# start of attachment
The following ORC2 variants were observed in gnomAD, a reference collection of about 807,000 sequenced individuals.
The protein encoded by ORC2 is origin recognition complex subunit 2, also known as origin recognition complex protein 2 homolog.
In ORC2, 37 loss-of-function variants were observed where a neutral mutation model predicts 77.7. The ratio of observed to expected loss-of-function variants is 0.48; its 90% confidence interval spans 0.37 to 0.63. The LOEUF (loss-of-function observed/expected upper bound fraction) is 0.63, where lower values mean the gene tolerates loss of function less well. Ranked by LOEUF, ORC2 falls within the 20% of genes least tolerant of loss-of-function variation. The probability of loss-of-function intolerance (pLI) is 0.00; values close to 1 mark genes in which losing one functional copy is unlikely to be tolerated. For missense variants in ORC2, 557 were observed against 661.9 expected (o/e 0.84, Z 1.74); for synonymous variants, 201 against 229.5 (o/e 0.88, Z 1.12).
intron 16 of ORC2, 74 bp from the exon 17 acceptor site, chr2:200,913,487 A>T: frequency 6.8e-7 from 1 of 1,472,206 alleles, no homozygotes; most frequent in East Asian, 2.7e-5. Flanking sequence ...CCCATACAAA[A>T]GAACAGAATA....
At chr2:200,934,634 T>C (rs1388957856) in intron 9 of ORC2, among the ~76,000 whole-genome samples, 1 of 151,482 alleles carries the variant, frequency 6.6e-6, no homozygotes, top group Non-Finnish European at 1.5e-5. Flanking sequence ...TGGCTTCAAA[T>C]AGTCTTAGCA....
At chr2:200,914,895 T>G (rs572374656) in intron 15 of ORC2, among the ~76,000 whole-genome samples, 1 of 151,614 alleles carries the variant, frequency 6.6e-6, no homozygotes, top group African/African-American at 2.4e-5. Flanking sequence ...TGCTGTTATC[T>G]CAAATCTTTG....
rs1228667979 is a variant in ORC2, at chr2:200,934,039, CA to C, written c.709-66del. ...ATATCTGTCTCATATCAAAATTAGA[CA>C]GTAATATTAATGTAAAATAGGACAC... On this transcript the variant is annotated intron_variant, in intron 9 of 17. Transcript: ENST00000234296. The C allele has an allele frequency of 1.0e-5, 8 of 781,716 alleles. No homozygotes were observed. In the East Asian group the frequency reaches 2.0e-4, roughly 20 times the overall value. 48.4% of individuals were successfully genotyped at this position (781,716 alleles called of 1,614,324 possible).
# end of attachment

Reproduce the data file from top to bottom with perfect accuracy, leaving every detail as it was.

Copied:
The following ORC2 variants were observed in gnomAD, a reference collection of about 807,000 sequenced individuals.
The protein encoded by ORC2 is origin recognition complex subunit 2, also known as origin recognition complex protein 2 homolog.
In ORC2, 37 loss-of-function variants were observed where a neutral mutation model predicts 77.7. The ratio of observed to expected loss-of-function variants is 0.48; its 90% confidence interval spans 0.37 to 0.63. The LOEUF (loss-of-function observed/expected upper bound fraction) is 0.63, where lower values mean the gene tolerates loss of function less well. Ranked by LOEUF, ORC2 falls within the 20% of genes least tolerant of loss-of-function variation. The probability of loss-of-function intolerance (pLI) is 0.00; values close to 1 mark genes in which losing one functional copy is unlikely to be tolerated. For missense variants in ORC2, 557 were observed against 661.9 expected (o/e 0.84, Z 1.74); for synonymous variants, 201 against 229.5 (o/e 0.88, Z 1.12).
intron 16 of ORC2, 74 bp from the exon 17 acceptor site, chr2:200,913,487 A>T: frequency 6.8e-7 from 1 of 1,472,206 alleles, no homozygotes; most frequent in East Asian, 2.7e-5. Flanking sequence ...CCCATACAAA[A>T]GAACAGAATA....
At chr2:200,934,634 T>C (rs1388957856) in intron 9 of ORC2, among the ~76,000 whole-genome samples, 1 of 151,482 alleles carries the variant, frequency 6.6e-6, no homozygotes, top group Non-Finnish European at 1.5e-5. Flanking sequence ...TGGCTTCAAA[T>C]AGTCTTAGCA....
At chr2:200,914,895 T>G (rs572374656) in intron 15 of ORC2, among the ~76,000 whole-genome samples, 1 of 151,614 alleles carries the variant, frequency 6.6e-6, no homozygotes, top group African/African-American at 2.4e-5. Flanking sequence ...TGCTGTTATC[T>G]CAAATCTTTG....
rs1228667979 is a variant in ORC2, at chr2:200,934,039, CA to C, written c.709-66del. ...ATATCTGTCTCATATCAAAATTAGA[CA>C]GTAATATTAATGTAAAATAGGACAC... On this transcript the variant is annotated intron_variant, in intron 9 of 17. Transcript: ENST00000234296. The C allele has an allele frequency of 1.0e-5, 8 of 781,716 alleles. No homozygotes were observed. In the East Asian group the frequency reaches 2.0e-4, roughly 20 times the overall value. 48.4% of individuals were successfully genotyped at this position (781,716 alleles called of 1,614,324 possible).